From basic workhorse to sophisticated steed
By Mike Williams
AN American named John Charter was probably the first person to build a tractor.
That was in 1889, and he used it instead of a steam engine to power a threshing machine.
The Charter, and most of the other tractors which followed over the next 10 years, had just the basic essentials including an engine, a simple transmission, four wheels and a pulley to power a belt drive. Some even lacked a seat for the driver. All the other features which make modern tractors versatile, productive, safer and more comfortable for the operator were developed during the next 100 years.
Many of the companies and individuals who made the important contributions to tractor design are easily identified, but the origin of some features is more difficult to trace. What is certain is that some of the "latest" developments, like front axle suspension, are not as new as manufacturers may claim.
1 Diesel engines The first production tractor powered by a diesel engine was made in Germany by the Benz company in 1922. It was a twin-cylinder diesel, and the tractor was called the Benz-Sendling. Early diesel engines were often hard to start and ran unevenly, and the first of the modern, smooth-running, easy-starting diesels were developed in Britain by Ford and Perkins during the 1940s.
2 Turbocharger Turbocharging is popular because it boosts engine efficiency, reducing fuel consumption and cleaning the exhaust emissions, but when it first appeared on American tractors in the 1950s it was just another way to squeeze more power from a diesel engine. Caterpillar was the first manufacturer to use turbo engines regularly, starting with the D9, and by 1959 the D8 engine was also turbocharged.
3 High speed transmission A souped-up version of the Allis-Chalmers Model U set a world speed record for tractors at 67mph in 1933, but the first production tractor with a high-speed transmission was the Minneapolis-Moline UDLX, which was available from 1938. It had a five-speed gearbox and a foot throttle, and the top speed on the road was 40mph.
4 Front axle suspension They are all the rage now, but suspension systems for the front axle are not new. The first experimental tractor from Henry Fords design team in 1907 included a front axle with transverse leaf springs, although the idea was not included when the first Fordson tractors arrived in 1917.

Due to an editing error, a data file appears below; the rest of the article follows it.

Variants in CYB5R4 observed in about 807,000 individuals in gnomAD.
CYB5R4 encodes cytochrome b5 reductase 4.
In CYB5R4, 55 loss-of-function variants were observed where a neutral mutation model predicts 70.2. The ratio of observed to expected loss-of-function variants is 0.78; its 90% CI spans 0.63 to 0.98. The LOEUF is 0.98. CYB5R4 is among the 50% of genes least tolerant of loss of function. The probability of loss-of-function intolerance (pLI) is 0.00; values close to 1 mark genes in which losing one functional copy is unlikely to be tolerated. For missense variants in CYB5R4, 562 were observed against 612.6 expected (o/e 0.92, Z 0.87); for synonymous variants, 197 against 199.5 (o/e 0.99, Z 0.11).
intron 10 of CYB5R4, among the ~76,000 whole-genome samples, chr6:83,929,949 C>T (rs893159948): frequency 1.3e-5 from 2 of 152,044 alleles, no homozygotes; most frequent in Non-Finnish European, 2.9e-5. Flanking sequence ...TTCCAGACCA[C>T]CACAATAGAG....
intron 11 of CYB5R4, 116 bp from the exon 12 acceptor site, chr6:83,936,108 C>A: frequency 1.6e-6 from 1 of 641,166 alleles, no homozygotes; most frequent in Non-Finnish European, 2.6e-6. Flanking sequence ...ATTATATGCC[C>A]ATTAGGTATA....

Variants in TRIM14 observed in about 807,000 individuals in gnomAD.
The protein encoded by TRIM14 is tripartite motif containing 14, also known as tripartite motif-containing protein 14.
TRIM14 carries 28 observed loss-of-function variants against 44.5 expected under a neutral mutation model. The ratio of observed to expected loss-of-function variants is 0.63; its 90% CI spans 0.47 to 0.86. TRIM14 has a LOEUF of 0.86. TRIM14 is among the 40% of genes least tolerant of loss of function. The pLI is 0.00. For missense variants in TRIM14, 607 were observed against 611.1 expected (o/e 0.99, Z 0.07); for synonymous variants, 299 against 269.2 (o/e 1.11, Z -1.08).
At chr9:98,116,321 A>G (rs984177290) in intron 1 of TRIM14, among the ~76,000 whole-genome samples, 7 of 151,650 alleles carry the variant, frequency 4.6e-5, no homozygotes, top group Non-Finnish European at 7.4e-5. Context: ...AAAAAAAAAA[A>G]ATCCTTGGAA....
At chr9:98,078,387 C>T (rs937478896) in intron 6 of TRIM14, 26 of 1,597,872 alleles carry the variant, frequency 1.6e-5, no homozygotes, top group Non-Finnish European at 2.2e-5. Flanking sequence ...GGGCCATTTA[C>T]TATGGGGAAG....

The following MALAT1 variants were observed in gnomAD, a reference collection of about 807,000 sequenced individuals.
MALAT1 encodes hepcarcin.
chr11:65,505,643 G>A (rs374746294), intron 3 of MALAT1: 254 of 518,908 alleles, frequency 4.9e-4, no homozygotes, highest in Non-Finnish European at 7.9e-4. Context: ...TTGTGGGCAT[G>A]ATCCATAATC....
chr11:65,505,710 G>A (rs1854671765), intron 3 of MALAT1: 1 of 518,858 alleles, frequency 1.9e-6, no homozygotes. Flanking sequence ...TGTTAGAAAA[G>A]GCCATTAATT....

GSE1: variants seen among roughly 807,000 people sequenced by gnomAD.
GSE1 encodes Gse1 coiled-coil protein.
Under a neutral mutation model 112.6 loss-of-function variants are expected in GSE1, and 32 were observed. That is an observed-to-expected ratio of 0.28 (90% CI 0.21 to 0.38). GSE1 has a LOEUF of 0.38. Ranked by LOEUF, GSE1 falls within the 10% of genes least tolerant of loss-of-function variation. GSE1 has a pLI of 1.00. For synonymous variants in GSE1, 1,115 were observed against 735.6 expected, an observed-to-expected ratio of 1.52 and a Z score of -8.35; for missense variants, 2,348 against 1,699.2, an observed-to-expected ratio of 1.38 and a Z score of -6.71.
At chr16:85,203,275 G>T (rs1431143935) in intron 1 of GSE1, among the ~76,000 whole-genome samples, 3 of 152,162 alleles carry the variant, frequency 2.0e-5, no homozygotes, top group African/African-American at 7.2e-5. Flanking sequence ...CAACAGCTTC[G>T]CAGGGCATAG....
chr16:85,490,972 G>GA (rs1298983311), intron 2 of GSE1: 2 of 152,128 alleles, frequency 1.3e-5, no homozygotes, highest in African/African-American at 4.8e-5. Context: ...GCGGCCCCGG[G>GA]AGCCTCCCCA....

5 Four-wheel drive Putting the power through the front and rear wheels is older than the tractor, first appearing on American steam traction engines in the 1880s. The Heer Engine Co of Portsmouth, Ohio, was probably the first tractor company with 4WD, providing equal-size front and rear wheels and a chain and sprocket drive to both axles on their 25hp model produced in 1910.
6 Rubber Tyres Several companies experimented with solid rubber and high pressure truck tyres before Allis-Chalmers made a breakthrough in 1932 when they tried a pair of aircraft tyres on the drive wheels of a Model U tractor. These tyres could be used at 15 psi inflation pressure – much less than normal – allowing better traction in the field and faster speeds on the road. Tyre manufacturers were quick to produce special designs to exploit the new market.
7 Power take-off John Scott retired from his post as Professor of Agriculture at what is now the Royal Agricultural College, Cirencester to concentrate on ideas for tractor development. These included what was probably the first tractor with a pto, which he took to the 1904 Royal Show. The pto was gear driven and was at the front of the tractor for powering equipment such as a mower or a binder.
8 Powered implement lift Using muscle power to lift an implement for headland turns was hard work, and by 1918 engine powered mechanisms were available to ease the strain. These were awkward to use, but Harry Ferguson found the answer with hydraulic power, his three-point linkage. The first production tractor with the new system was the Ferguson Model A, built in the David Brown factory from 1936.
9 Cab Some of the earliest tractors had a simple canopy to keep off the worst of the weather, but the first cab designed for the safety and comfort of the driver arrived in 1938 on the Minneapolis-Moline UDLX tractor. It was made of steel to survive an impact, with safety glass in the windows, and the specification was at least 30 years ahead of its time with two padded seats, a heater, radio, cigar lighter and even an ashtray.
10 Electric starting Hand cranking an engine into life was never a popular job, and American tractor companies offered various alternatives including spring-powered starters and, in 1908, a compressed-air starter. The first company to use electric starting was probably the Moline Plow Co. which added a battery plus an electric starter motor and road lights to their Model D tractor in 1918. *